Some years since my wife and I, in the providence of God, were in charge of a cottage-home for poor, homeless boys. One day a little boy was brought to us – a poor little fellow who had been found on a doorstep in one of the squares in the West End of London. He never knew either his father or mother. I need not tell you that our hearts beat fast in sympathy to the poor little outcast, and we gladly took him into our ‘family’. As Harry grew up we found he was a weakly one, and feared that his early neglect would result in consumption, which it ultimately did. We often noticed that, instead of running about with the other boys, he would get into a corner of the playroom, apparently liking to be alone and seeming to have nothing in common with others.

One day, addressing my wife, he said: ‘I wish you would let me call you mother; will you?’ She answered, ‘Of course I will, Harry’. ‘And do you think Mr. Popham will let me call him father?’ ‘I am sure he will’, was the reply; and from that time till his death there was, I believe, a deep under-current of affection between Harry and ourselves. He would often sit and read to his ‘mother’ and many a word was spoken on those occasions which bore fruit very early.

Now it came to pass – and you children think about it – that one day Harry said to me, ‘Father, I am such a sinner – I feel I am such a sinner!’ Being particularly concerned about him on account of the serious nature of his disease, and desirous of knowing how he came to a knowledge of sin, I said: ‘Why, Harry, what do you know about sin? You have never played roughly with the boys; you have not cheated at their games; you have not bullied other boys; you have done nothing of that kind’. He quietly and soberly replied: ‘I know I have not done the things you mention. I have not been able to do them. But I have sometimes felt very angry in my heart against God because I could not do as others do’. And as Harry went on to tell me of his shame and sorrow on account of heart sins, I felt and said to myself, ‘This is the secret but powerful teaching of the Holy Ghost in the lad’s heart’.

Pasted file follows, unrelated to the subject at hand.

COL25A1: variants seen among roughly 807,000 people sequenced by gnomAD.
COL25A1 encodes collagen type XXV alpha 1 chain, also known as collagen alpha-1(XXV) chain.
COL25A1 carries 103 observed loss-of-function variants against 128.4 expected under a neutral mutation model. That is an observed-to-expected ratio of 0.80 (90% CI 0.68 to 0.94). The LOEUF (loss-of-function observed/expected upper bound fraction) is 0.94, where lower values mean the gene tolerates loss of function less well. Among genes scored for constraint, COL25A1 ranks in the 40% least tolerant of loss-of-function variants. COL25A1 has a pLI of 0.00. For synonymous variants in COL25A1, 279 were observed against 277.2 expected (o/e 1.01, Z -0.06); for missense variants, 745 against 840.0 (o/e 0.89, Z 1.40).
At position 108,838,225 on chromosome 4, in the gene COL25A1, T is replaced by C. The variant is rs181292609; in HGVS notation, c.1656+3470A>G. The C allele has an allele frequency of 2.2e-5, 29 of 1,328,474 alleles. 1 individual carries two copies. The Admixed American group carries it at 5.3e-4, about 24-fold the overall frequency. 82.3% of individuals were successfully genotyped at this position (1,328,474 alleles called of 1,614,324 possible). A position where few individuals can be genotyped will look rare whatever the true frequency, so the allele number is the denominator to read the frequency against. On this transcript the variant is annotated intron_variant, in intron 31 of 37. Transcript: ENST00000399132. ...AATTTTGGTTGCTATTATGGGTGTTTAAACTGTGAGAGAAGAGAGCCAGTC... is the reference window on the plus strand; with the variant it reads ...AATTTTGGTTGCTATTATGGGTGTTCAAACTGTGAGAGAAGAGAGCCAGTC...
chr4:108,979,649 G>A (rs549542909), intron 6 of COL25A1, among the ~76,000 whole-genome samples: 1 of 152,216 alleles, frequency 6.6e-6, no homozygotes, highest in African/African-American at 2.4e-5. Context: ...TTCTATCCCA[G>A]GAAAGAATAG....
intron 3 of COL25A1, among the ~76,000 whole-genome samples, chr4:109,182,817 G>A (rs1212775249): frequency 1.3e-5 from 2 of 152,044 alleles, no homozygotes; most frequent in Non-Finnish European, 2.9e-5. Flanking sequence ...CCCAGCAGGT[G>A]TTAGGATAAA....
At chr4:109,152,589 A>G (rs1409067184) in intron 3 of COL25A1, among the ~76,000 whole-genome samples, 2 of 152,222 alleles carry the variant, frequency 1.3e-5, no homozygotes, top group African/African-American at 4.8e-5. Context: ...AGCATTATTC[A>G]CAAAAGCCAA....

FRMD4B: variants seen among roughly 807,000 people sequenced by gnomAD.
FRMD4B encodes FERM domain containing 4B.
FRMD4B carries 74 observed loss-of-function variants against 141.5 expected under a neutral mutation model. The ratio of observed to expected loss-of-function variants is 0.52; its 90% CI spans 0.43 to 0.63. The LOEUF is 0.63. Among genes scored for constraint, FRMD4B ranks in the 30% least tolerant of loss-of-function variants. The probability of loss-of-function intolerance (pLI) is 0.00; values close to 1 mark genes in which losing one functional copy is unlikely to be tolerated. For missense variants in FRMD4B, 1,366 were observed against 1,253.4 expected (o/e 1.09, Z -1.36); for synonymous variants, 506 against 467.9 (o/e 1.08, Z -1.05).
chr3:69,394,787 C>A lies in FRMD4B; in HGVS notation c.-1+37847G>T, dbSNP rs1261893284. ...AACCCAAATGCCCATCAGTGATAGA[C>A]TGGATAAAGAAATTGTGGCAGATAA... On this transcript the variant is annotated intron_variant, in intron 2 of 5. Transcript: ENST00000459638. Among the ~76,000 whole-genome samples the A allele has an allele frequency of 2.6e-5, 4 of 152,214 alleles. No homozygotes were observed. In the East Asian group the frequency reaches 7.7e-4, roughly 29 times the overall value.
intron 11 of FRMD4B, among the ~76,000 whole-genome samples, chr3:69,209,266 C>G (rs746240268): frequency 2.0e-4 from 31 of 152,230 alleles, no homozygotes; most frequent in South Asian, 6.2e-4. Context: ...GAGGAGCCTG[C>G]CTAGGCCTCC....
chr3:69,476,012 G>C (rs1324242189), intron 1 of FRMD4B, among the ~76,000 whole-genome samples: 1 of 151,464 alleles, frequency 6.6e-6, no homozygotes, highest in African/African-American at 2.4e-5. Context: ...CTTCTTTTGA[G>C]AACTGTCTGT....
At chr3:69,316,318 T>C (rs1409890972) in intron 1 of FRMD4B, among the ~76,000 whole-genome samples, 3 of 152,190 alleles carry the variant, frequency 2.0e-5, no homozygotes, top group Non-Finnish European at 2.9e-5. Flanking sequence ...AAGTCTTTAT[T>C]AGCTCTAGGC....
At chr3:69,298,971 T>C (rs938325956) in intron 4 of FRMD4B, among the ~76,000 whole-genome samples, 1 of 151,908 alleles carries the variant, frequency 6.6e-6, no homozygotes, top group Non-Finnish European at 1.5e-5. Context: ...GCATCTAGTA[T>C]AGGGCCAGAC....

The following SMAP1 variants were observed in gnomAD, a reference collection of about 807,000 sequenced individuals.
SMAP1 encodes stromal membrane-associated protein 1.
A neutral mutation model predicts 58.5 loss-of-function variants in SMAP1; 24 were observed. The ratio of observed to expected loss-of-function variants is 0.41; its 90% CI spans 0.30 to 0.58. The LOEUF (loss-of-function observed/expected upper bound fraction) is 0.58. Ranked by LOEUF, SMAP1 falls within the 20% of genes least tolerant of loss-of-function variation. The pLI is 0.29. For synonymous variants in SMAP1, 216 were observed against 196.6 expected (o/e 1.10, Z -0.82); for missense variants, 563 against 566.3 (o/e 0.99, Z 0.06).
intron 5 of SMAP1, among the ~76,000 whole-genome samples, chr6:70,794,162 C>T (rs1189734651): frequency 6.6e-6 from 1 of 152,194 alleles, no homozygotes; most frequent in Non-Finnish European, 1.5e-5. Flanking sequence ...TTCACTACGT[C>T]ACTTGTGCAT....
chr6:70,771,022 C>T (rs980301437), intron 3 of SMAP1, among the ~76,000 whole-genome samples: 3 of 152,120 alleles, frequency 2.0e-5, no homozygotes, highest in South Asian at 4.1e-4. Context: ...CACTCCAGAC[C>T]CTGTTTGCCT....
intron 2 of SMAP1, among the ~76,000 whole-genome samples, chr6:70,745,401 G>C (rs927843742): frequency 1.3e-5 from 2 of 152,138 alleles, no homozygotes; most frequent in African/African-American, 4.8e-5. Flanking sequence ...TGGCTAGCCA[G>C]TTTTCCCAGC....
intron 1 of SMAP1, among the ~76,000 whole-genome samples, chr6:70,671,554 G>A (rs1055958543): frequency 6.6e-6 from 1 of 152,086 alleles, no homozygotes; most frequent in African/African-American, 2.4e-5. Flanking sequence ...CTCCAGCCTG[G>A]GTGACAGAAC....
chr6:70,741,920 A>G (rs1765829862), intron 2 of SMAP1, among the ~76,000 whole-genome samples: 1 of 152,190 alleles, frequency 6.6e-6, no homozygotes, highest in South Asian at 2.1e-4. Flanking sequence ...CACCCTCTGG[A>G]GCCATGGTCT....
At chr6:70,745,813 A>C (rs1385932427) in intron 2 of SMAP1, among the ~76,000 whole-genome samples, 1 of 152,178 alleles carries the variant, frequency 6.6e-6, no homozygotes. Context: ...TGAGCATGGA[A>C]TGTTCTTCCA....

We had for a long time looked after Harry’s temporal wants, but now my wife and I were all anxiety and concern about his soul. We knew he could not be long with us, so we listened carefully to every word he spoke and watched his every movement. He would often say: ‘Oh, how great a sinner I am! Do you think God can have mercy upon a wicked boy like me?’ His heart-sins were made known to him by a gracious inward teaching, and on account of them he wept and sorrowed deeply before the Lord. I have ever felt Harry’s deep repentance to be one of the most genuine marks of his call by grace.